In the view of previous clinical and radiological findings, the following investigations were done. Total leukocyte count 12,000 cells/mm3, absolute eosinophil count 2400/mm3, spirometry showed moderate obstruction with significant reversibility, and total serum IgE >1000 IU/ml. The skin prick test showed positive for Aspergillus. Finally, she was diagnosed with ABPA Stage 1, and treatment was given with steroids methylprednisolone (75 mg b. d) and itraconazole, nasal spray fluticasone propionate and Symbicort (budesonide and formoterol) Turbuhaler and the patient was under medication for 6 months after the diagnosis. The methylprednisolone was tapered gradually based on the response of the patient to the therapy. The patient was followed for every 3 months, and after the 1st follow-up, there was a significant improvement in the clinical conditions of the patient and completely recovered after 6 months of medication course. Even after completely recovery, the patient was followed up further 6 months and the patient was not under any medication related to ABPA but have certain food restriction which are allergic in nature and there was no recurrence of ABPA in the patient.


ABPA is also called asthmatic pulmonary eosinophilia. Other types of bronchopulmonary aspergillosis are extrinsic allergic alveolitis, intracavitary aspergilloma, invasive pulmonary aspergillosis, chronic, and subacute pulmonary aspergillosis. A. fumigatus is the main causative organism of ABPA. With the colonization of the airway by A. fumigatus hyphae, type 1 hypersensitivity is produced with predominant T-helper cell (Th)-2 type response leading to higher serum IgE, eosinophilia, and infiltrates. In some patients, type 3 hypersensitivity is produced with increased IgG, antibiotics, and precipitin production. Blocking of bronchi with mucus plugs contains hyphae leads to inflammation of bronchial wall and thereby leads to bronchiectasis and rarely upper lobe fibrosis.[4],[5]

ABPA is clinically divided into five stages: stage 1 (acute), Stage 2 (remission), Stage 3 (reoccurrence/exacerbation), Stage 4 (steroid dependent), and Stage 5 (fibrotic lung disease).[1] ABPA patient usually presents with fever, cough, weight loss, and hemoptysis. The diagnosis of ABPA is made by Rosenberg-Patterson criteria[3] (8 major and 3 minor criteria), criteria proposed by the ISHAM working group.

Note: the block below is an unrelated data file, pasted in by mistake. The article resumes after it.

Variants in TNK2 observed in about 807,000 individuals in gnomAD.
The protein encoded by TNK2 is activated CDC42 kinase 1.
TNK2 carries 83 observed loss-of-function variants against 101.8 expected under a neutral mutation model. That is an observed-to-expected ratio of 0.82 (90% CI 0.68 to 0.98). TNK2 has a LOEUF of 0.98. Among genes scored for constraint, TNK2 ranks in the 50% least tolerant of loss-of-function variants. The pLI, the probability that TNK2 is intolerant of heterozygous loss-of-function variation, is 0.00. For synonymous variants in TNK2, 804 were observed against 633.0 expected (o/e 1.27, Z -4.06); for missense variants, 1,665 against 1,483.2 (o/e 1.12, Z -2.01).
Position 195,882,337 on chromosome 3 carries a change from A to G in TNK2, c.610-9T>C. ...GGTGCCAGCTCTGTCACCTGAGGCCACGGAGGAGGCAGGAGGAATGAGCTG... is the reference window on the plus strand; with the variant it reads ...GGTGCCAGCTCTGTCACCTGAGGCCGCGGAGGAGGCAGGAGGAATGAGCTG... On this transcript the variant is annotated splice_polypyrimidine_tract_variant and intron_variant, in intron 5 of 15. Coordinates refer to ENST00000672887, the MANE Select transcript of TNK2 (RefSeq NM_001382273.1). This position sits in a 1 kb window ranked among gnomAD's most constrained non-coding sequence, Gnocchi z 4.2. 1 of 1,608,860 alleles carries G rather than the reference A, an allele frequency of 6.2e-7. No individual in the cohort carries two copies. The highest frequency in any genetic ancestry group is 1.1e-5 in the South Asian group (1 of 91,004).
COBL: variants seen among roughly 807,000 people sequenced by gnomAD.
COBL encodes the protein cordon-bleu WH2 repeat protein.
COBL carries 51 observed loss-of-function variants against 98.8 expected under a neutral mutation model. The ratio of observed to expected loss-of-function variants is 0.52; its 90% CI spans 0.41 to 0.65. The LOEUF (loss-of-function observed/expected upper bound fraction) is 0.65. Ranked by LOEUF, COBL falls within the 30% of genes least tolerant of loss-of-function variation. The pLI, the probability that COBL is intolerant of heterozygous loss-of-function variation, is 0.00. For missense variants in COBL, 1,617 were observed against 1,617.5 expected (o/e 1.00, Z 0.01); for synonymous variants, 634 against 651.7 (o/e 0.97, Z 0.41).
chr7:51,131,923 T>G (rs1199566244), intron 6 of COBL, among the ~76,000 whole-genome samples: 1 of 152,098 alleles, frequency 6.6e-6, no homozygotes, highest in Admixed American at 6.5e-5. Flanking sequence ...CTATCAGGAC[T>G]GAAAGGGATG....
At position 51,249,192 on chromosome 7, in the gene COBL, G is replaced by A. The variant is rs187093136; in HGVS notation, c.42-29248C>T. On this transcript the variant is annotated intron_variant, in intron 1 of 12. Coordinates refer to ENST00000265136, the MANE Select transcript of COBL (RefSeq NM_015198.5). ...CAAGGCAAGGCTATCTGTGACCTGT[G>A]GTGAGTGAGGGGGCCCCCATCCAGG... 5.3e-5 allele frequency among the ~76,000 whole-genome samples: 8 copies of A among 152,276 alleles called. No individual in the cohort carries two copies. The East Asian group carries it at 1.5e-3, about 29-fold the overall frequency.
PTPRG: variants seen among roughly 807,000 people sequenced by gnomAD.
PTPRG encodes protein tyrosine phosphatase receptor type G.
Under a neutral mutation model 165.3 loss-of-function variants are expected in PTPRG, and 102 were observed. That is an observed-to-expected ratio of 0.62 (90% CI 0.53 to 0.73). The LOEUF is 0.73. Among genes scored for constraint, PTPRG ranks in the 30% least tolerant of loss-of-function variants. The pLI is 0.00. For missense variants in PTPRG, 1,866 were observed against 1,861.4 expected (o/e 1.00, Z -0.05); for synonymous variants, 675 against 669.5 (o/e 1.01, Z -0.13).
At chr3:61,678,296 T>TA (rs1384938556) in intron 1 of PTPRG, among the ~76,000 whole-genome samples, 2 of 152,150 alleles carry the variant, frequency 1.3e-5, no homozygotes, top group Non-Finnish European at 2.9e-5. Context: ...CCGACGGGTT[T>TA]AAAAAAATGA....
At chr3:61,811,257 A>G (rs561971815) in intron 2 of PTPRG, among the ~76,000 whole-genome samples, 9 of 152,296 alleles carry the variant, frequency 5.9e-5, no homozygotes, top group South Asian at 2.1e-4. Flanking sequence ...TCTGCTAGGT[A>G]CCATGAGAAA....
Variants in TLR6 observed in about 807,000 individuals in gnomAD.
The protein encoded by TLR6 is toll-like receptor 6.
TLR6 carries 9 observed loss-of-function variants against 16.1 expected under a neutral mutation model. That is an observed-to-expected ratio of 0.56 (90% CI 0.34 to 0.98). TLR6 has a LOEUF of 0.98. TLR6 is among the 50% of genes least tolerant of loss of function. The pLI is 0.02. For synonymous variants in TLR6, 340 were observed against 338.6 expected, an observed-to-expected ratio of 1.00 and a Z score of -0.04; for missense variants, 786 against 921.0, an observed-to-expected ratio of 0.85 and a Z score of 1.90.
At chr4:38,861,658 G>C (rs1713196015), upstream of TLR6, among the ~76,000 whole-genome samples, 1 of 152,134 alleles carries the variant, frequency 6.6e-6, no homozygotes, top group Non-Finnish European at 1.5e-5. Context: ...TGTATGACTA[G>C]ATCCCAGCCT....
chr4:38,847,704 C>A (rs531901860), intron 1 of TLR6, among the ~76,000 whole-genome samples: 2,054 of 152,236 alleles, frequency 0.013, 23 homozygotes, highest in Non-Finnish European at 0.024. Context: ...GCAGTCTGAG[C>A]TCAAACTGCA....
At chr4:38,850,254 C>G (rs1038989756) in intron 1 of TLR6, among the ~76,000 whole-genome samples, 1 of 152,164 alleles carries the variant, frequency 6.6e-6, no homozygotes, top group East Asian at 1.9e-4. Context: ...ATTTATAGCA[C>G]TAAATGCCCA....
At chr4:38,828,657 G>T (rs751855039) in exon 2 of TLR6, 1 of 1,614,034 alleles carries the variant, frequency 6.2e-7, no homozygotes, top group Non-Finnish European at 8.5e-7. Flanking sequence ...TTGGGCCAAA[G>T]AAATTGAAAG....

The current diagnostic criteria for ABPA are as follows:

Predisposing asthma or CFObligatory criteria – IgE >1000 IU/L, immediate skin test-positive IgE antibody for AspergillusSupportive criteria – eosinophils >500, increased IgG, and fleeting opacities on chest X-ray.

The treatment given for ABPA was corticosteroids, anti-fungal drugs, anti-IgE therapy, antibiotics, along with nebulization and inhalers. The prognosis, recurrence is not well known, and more research works are to be done on this. Long-term treatment had shown a good prognosis in some of the cases.[6]


ABPA still remains unknown to most people, and the symptoms of the ABPA are similar to pneumonia and tuberculosis, so there are high chances of misdiagnosis during their 1st visit to the clinical out-patient-department. Careful history taking, high awareness, sharp clinical examination is required for the correct diagnosis of ABPA.

Declaration of patient consent

The authors certify that they have obtained all appropriate patient consent forms. In the form, the patient has given her consent for her images and other clinical information to be reported in the journal. The patient understands that name and initials will not be published and due efforts will be made to conceal identity, but anonymity cannot be guaranteed.

Financial support and sponsorship


Conflicts of interest

There are no conflicts of interest.